The Florida Supreme Court April 27 upheld a decision by a lower state court that authorizes Hialeah Park to have a casino with Las Vegas-style slot machines.
In a short notice on its website, Florida’s highest court said it declined to consider an appeal by Calder Casino & Race Course and two other Miami-area pari-mutuel facilities that were attempting to prevent Hialeah from having a casino. After hearing of the decision, Hialeah Park owner John Brunetti told The Blood-Horse the racetrack will soon begin renovating the north side of its building, with a goal of opening a casino with 900 slot machines in the spring of 2013.
That would be the first phase in what he hopes will be a mixed-use gaming and retail complex at the racetrack.
“From what my lawyers said, I assume this (Supreme Court ruling) means that we will finally be able to have slot machines at Hialeah Park,” Brunetti said.
In its April 27 notice, the Florida Supreme Court said it determined “it should decline to accept jurisdiction” on the appeal by Calder and two co-plaintiffs. “It is ordered that the petition for review is denied,” the justices said. “No motion for rehearing will be entertained by the court.”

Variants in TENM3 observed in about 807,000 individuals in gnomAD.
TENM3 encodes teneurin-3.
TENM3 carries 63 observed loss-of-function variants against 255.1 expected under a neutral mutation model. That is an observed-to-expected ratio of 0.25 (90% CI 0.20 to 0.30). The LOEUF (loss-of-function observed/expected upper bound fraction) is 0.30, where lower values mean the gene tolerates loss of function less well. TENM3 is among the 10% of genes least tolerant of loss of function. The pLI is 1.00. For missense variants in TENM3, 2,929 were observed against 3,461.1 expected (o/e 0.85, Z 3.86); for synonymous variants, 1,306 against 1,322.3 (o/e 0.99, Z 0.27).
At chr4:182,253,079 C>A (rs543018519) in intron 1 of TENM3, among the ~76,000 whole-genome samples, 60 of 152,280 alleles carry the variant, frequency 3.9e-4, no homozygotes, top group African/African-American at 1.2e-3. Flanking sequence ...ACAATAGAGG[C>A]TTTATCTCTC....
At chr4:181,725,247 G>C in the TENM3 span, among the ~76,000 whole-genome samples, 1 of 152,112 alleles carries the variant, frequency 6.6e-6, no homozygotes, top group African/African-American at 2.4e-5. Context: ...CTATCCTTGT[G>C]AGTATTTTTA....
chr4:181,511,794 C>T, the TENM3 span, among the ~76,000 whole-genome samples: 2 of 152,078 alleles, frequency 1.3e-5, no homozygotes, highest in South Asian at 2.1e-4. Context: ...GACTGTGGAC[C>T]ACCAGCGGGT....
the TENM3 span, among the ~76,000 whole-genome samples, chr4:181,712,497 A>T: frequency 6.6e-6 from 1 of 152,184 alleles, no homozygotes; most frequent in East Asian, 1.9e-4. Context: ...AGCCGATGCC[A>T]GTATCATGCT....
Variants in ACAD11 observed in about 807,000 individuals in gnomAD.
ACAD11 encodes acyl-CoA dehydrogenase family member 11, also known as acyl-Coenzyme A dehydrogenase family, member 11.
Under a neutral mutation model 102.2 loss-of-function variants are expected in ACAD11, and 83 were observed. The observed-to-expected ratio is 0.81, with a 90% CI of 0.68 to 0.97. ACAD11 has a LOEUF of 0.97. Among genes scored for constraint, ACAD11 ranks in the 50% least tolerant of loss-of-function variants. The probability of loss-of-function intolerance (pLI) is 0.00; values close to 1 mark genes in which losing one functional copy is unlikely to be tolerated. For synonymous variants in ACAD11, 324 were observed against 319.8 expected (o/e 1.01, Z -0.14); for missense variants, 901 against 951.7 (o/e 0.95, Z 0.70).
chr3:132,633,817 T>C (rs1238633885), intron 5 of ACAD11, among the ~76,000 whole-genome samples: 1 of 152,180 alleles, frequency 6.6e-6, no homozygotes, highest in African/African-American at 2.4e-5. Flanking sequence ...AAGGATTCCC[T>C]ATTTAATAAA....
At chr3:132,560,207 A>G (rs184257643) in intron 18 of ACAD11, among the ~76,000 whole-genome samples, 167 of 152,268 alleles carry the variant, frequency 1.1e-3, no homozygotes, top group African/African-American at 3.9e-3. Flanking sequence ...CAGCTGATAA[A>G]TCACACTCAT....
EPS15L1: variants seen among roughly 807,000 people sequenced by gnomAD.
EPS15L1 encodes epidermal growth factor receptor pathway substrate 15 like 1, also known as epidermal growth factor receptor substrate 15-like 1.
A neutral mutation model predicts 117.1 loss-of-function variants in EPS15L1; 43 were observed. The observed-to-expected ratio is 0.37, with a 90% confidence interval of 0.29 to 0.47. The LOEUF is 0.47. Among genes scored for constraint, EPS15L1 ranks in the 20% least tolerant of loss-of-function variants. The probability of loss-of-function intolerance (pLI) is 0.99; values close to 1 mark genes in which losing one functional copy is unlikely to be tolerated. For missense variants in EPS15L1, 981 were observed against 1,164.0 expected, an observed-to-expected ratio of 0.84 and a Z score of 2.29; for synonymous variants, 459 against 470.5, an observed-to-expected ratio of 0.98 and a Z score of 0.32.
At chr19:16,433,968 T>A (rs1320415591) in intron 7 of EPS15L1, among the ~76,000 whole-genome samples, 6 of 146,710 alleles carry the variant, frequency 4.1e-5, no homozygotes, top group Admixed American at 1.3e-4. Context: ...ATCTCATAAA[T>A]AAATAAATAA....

The issue in the suit was a 2010 state law provision that authorizes a casino for Hialeah.
Calder, Miami Jai-Alai, and Greyhound track Magic City Casino maintained that the provision was unconstitutional because a constitutional amendment that statewide voters approved in 2004 did not include Hialeah among Florida pari-mutuel facilities eligible for casinos. Calder and Gulfstream Park are among six Florida pari-mutuel outlets with casinos; all are in the southeast counties of Miami-Dade and Broward.
On Oct, 6, 2011, the First District Court of Appeal in Tallahassee 2011 upheld a district court ruling in favor of Hialeah. Calder and the co-plaintiffs took their case to the Florida Supreme Court Nov. 1, 2011. That court seldom considers an appeal by a party that has lost a case in a trial court and in an appeals court.
There is a widespread view that the decision allows the Florida legislature to authorize casinos anywhere in the state, and for any Florida county to hold a vote on whether its pari-mutuel facilities can have casinos.
Hialeah has not held Thoroughbred races since 2001. Its only state gaming license is for Quarter Horse racing, and it has held three Quarter Horse meets since 2009.
Brunetti, however, recently told The Blood-Horse it is “very possible” Hialeah will have Thoroughbred racing in April and May in 2013. Under a Florida law, up to half the races during a Quarter Horse meet can be for Thoroughbreds.